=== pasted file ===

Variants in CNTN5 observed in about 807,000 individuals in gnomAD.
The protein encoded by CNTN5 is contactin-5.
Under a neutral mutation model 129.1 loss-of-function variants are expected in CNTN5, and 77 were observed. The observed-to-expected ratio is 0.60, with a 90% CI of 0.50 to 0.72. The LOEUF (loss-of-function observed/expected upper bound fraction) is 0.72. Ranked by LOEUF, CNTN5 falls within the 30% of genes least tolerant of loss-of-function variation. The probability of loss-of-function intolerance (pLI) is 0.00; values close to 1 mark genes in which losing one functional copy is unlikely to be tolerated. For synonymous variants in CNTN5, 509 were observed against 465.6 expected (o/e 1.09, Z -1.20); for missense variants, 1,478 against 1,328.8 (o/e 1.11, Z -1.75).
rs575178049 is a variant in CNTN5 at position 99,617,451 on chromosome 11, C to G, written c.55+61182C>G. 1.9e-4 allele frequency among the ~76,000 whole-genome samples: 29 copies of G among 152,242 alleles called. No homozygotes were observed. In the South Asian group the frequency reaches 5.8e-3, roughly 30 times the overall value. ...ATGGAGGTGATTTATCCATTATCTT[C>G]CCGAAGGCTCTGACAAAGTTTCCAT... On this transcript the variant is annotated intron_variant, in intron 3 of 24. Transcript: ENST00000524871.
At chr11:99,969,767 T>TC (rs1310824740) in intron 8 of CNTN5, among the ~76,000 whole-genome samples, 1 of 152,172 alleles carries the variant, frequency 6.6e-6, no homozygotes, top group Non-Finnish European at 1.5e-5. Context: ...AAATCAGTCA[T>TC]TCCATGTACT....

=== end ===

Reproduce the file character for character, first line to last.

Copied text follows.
Variants in CNTN5 observed in about 807,000 individuals in gnomAD.
The protein encoded by CNTN5 is contactin-5.
Under a neutral mutation model 129.1 loss-of-function variants are expected in CNTN5, and 77 were observed. The observed-to-expected ratio is 0.60, with a 90% CI of 0.50 to 0.72. The LOEUF (loss-of-function observed/expected upper bound fraction) is 0.72. Ranked by LOEUF, CNTN5 falls within the 30% of genes least tolerant of loss-of-function variation. The probability of loss-of-function intolerance (pLI) is 0.00; values close to 1 mark genes in which losing one functional copy is unlikely to be tolerated. For synonymous variants in CNTN5, 509 were observed against 465.6 expected (o/e 1.09, Z -1.20); for missense variants, 1,478 against 1,328.8 (o/e 1.11, Z -1.75).
rs575178049 is a variant in CNTN5 at position 99,617,451 on chromosome 11, C to G, written c.55+61182C>G. 1.9e-4 allele frequency among the ~76,000 whole-genome samples: 29 copies of G among 152,242 alleles called. No homozygotes were observed. In the South Asian group the frequency reaches 5.8e-3, roughly 30 times the overall value. ...ATGGAGGTGATTTATCCATTATCTT[C>G]CCGAAGGCTCTGACAAAGTTTCCAT... On this transcript the variant is annotated intron_variant, in intron 3 of 24. Transcript: ENST00000524871.
At chr11:99,969,767 T>TC (rs1310824740) in intron 8 of CNTN5, among the ~76,000 whole-genome samples, 1 of 152,172 alleles carries the variant, frequency 6.6e-6, no homozygotes, top group Non-Finnish European at 1.5e-5. Context: ...AAATCAGTCA[T>TC]TCCATGTACT....